Nearly three weeks after President Donald Trump issued a memorandum deferring payroll tax collections, the Internal Revenue Service (IRS) still has not issued guidance for employers. The tax holiday is scheduled to begin September 1, but many employers insist they need additional guidance on implementation.
On August 8, the president directed the Secretary of the Treasury to suspend collection of payroll taxes for employees who make $104,000 or less a year. The memorandum set a time frame of September 1 through December 31, although it did not necessarily require employers to suspend employee withholdings.
Deferring payroll tax collections would increase employee take-home pay, but employees would still have to pay their deferred tax liabilities unless Congress passes a permanent halt that aligns with the executive action. Thus far, Trump’s payroll tax holiday proposal has received little congressional support. The 6.2% payroll tax goes directly into the Social Security Trust Fund.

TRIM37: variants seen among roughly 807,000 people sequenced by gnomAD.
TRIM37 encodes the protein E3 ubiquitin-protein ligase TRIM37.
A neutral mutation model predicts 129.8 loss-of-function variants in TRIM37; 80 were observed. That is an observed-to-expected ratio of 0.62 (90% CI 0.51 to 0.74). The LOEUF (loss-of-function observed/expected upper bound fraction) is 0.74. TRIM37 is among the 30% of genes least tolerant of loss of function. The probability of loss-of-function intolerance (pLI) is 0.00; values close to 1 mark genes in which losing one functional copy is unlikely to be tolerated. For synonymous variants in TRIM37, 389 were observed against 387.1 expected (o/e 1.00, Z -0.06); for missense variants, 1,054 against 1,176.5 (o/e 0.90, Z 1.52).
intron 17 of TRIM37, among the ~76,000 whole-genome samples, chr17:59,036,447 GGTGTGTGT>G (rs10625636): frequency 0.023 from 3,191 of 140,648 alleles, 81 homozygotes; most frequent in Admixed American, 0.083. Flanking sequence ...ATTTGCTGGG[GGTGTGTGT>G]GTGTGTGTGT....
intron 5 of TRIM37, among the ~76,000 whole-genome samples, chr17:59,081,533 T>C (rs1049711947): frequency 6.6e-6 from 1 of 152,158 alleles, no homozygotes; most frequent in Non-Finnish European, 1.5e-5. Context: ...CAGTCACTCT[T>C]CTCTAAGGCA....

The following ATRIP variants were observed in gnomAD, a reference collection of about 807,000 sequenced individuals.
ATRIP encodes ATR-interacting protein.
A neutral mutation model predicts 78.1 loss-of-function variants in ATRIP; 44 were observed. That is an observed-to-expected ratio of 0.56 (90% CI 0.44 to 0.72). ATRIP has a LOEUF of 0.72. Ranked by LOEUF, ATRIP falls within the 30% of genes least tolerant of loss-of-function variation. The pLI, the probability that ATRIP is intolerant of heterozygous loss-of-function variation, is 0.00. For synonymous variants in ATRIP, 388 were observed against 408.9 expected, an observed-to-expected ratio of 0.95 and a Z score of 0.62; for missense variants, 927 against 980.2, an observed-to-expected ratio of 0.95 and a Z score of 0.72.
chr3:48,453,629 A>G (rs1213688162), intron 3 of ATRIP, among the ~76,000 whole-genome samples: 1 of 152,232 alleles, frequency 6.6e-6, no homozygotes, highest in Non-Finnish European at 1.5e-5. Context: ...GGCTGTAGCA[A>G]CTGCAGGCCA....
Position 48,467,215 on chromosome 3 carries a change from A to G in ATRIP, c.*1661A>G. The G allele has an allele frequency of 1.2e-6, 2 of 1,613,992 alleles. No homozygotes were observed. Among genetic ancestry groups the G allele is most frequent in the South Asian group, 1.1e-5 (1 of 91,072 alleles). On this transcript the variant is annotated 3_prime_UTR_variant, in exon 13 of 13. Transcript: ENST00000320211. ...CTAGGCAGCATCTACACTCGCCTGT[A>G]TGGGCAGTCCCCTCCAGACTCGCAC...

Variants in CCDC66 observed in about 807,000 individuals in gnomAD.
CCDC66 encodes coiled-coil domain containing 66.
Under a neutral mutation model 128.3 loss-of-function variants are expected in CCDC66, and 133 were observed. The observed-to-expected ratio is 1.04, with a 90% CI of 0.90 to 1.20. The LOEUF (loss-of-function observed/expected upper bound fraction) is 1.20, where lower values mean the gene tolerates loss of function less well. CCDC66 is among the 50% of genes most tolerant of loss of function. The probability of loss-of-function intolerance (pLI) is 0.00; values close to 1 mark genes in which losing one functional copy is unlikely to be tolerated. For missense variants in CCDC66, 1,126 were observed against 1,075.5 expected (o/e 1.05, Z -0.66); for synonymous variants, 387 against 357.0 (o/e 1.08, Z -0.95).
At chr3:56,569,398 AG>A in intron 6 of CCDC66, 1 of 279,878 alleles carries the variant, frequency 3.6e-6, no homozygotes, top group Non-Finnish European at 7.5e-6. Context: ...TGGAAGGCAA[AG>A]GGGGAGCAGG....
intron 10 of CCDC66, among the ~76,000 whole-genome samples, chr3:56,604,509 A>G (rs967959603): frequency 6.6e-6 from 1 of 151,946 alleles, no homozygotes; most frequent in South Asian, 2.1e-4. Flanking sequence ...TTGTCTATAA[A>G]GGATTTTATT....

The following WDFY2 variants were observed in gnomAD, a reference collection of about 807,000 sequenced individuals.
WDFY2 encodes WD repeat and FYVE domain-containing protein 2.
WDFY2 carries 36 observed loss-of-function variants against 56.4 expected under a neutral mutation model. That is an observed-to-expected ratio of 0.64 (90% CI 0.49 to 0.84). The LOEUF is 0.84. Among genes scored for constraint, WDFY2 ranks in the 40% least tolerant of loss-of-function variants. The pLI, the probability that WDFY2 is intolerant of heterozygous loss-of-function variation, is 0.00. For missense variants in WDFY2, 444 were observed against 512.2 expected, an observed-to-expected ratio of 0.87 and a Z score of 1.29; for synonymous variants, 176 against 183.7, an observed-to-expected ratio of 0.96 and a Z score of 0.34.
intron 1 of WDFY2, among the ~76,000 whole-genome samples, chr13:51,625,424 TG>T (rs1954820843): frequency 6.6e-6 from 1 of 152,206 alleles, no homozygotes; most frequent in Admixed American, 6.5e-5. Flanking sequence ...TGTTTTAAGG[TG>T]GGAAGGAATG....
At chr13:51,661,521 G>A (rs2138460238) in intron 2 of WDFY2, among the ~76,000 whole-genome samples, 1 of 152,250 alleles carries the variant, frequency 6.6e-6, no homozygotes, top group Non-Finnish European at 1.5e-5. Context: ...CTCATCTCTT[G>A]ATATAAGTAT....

ADP, a large payroll processing firm, advised congressional and administrative officials that a transition as outlined in the memorandum normally requires six months or more to implement. Several details remain unknown:
- Should the measure be an option for employees?
- How should workers elect to defer or not?
- What happens if an employee does not choose?
- Can the employer continue to collect withholdings but escrow it in case the tax holiday becomes forgivable?
- What happens if an employee leaves and the deferral is not forgiven?
- Must employers maintain separate records during the time period?
KLC has received numerous questions from city officials regarding the payroll deferral and related guidance. Until the Treasury Department issues guidelines, most cities cannot implement the payroll deferral. Even after guidelines are issued, it will take time for cities to implement due to the complexities involved in any payroll change. There are no penalties for noncompliance, but city officials will be left with the difficult task of explaining to municipal employees why the deferral will not go into effect on September 1, 2020.
Treasury Secretary Steven Mnuchin has said he cannot force employers to comply with the memorandum, but he hopes they will do so.